If you didn't make that withdrawal, the portfolio would have to grow 25% to recover its initial value. So that 5% withdrawal cost you a difference of 9% in portfolio growth - almost double the amount of your withdrawal. The numbers would be more extreme with larger drawdowns, of course.

Anyway just my POV here...the numbers in backtests may still work out in favor of not holding cash, but I think that's entirely dependent on frequency/severity of market corrections. Those long stretches where the stock market kept going up and up make a big difference, and you'd have to bank on that continuing to happen in the future.

Incidentally - totally agree about the need to view any portfolio as a whole entity, instead of focusing on the one asset that's in the doghouse.
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Desert
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Re: Wellesley

Post by Desert » Sun Jun 10, 2018 9:32 am

I totally agree with that painful drawdown/withdrawal math, Sophie. By the way, it's a VERY strange experience to be withdrawing from accounts, for the first time in my life. I'm a very long-time saver; I remember hoarding quarters when I was about 5 years old. Even my own grandparents thought I was weird. :) So now to actually be spending savings, it is a very odd feeling. Also, I fully expect a painful downturn any day now. This equity bull market is the longest in my lifetime, and can't go on forever.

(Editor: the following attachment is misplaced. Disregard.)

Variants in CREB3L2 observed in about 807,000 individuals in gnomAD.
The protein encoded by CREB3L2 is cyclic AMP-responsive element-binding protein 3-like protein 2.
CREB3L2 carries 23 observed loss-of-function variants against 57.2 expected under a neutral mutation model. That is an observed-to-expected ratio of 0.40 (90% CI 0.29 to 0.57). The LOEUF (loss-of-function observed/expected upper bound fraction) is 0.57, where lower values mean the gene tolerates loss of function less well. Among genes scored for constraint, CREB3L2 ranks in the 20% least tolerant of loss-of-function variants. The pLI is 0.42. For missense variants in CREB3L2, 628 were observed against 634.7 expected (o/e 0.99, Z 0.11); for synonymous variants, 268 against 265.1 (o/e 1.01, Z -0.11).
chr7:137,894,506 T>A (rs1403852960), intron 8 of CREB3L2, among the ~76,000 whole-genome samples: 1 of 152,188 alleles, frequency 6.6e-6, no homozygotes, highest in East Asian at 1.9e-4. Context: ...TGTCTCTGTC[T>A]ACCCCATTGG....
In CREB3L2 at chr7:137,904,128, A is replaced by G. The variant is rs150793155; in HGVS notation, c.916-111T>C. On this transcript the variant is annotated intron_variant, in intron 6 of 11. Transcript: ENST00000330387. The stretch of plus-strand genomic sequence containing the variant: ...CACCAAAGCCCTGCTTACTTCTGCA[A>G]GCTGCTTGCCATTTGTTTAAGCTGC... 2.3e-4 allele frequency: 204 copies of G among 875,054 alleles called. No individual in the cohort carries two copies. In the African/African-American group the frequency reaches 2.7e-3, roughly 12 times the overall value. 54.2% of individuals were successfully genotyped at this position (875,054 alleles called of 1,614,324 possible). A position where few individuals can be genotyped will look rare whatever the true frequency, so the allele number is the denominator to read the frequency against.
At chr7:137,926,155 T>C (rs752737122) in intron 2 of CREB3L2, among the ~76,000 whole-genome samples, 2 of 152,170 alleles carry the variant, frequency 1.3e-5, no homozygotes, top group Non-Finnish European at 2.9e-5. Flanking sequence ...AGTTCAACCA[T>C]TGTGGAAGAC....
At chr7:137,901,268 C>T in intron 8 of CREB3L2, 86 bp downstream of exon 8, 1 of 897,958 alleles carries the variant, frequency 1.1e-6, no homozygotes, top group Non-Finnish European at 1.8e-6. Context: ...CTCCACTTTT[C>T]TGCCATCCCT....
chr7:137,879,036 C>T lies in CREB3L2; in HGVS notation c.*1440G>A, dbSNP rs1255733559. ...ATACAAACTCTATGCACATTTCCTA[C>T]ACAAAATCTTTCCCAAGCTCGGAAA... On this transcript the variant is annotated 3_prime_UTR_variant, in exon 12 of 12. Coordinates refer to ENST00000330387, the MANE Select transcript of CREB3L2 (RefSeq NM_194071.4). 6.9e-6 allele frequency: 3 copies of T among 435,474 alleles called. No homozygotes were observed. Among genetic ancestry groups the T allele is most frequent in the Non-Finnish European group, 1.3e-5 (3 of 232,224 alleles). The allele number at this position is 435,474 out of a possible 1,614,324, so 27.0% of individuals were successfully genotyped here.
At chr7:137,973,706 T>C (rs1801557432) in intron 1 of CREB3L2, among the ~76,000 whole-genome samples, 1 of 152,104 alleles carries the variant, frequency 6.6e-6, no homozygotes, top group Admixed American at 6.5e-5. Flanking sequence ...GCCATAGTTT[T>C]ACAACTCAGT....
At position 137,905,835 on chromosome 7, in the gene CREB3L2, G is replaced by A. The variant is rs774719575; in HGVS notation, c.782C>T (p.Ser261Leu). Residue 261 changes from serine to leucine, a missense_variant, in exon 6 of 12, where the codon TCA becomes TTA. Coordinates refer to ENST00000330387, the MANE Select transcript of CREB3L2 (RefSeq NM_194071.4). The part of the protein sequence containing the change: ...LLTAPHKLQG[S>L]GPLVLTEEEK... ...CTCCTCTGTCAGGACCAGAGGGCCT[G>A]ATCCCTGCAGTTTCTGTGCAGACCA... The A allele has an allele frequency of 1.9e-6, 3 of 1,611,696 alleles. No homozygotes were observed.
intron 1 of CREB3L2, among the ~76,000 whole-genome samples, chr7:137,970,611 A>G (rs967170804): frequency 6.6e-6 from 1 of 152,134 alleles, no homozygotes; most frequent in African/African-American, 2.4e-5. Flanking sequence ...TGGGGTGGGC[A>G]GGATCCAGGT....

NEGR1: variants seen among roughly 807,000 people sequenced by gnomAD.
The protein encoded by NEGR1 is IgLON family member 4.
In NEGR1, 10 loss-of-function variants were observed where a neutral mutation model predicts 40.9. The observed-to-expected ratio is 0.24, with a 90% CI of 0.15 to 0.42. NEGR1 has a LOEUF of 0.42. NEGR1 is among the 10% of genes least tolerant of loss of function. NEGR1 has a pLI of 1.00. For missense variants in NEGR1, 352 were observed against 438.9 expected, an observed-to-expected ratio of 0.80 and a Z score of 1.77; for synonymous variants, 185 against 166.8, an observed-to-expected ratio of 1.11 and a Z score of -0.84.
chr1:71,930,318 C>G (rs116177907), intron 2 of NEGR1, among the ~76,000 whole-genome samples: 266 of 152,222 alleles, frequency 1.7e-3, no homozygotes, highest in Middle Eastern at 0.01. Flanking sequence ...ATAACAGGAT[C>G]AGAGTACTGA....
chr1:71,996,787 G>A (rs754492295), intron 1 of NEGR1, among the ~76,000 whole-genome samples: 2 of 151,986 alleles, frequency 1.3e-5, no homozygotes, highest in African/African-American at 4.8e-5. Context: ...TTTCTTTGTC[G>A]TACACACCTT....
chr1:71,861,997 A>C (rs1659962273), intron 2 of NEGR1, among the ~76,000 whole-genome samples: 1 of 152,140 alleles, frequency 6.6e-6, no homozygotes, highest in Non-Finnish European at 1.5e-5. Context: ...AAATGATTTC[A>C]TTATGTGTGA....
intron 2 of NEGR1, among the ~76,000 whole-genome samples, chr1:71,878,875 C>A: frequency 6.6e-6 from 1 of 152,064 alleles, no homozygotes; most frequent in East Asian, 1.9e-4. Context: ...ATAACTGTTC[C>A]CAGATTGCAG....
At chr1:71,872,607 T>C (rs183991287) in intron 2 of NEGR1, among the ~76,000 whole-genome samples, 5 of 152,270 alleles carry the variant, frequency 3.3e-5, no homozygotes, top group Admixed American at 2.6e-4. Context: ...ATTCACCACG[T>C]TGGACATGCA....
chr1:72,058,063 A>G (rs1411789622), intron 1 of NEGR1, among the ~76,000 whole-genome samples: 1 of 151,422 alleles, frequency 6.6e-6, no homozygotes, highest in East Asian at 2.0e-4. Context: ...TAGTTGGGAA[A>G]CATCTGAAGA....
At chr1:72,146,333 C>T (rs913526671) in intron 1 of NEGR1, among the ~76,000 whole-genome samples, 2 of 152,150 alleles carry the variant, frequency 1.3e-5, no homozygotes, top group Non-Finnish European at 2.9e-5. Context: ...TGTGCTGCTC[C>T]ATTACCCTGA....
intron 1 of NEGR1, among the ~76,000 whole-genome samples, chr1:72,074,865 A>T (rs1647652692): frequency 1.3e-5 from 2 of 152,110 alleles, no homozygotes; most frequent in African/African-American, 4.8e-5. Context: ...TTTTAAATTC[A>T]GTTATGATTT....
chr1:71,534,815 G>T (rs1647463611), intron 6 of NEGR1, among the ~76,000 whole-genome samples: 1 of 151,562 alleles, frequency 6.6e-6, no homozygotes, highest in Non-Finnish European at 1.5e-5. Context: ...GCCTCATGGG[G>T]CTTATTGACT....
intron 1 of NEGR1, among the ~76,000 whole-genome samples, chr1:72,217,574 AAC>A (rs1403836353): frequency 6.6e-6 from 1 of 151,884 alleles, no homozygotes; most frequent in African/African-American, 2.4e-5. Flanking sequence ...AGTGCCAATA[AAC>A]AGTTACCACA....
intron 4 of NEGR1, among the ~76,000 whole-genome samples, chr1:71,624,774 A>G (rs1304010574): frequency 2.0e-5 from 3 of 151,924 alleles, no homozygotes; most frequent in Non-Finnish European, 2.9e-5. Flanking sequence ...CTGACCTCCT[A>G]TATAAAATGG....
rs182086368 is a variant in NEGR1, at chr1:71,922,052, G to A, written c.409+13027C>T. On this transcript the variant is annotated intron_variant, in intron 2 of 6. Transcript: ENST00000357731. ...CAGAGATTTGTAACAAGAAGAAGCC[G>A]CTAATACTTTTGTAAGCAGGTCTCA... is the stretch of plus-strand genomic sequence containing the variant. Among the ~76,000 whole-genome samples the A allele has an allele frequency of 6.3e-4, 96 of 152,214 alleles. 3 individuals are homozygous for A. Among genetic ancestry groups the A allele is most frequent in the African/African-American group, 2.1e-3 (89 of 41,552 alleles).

So, we can discuss cash again, during the coming downturn! :)

Thanks for your thoughts on this. I do appreciate your thoughts on cash holdings. Even if we don't agree 100%, it helps me to at least fully examine my own decisions on the matter.
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Re: Wellesley

Post by sophie » Sun Jun 10, 2018 10:25 am

Thanks Desert!

Let's hope that the bull market continues long enough to build up your portfolio for an extra safety margin. And then the crash will come just as I'm getting ready to retire, of course ;D

Your posts make me think about strategies too. Like, I have an idea that if my portfolio grows larger than is needed to finance expenses, I can put the extra into 100% stocks and enjoy both the dividends and the long-term (15 year+) growth.
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Re: Wellesley

Post by hardlawjockey » Sun Jun 10, 2018 12:58 pm

I remember a heated debate between Wellesley and the PP on another forum but I don't think it was Bogleheads. I do remember that somebody named Medium Tex was the main PP protagonist however.

I went all in with Wellessly for a while because the PP seemed a bit too exotic for my tastes at the time but after I read Harry Browne's book I became convinced that the PP was a better strategy for covering all the bases. And if I remember correctly, he was not a fan of corporate bonds at all which I understand is what makes up most, if not all, of Welleslly's bond allocation.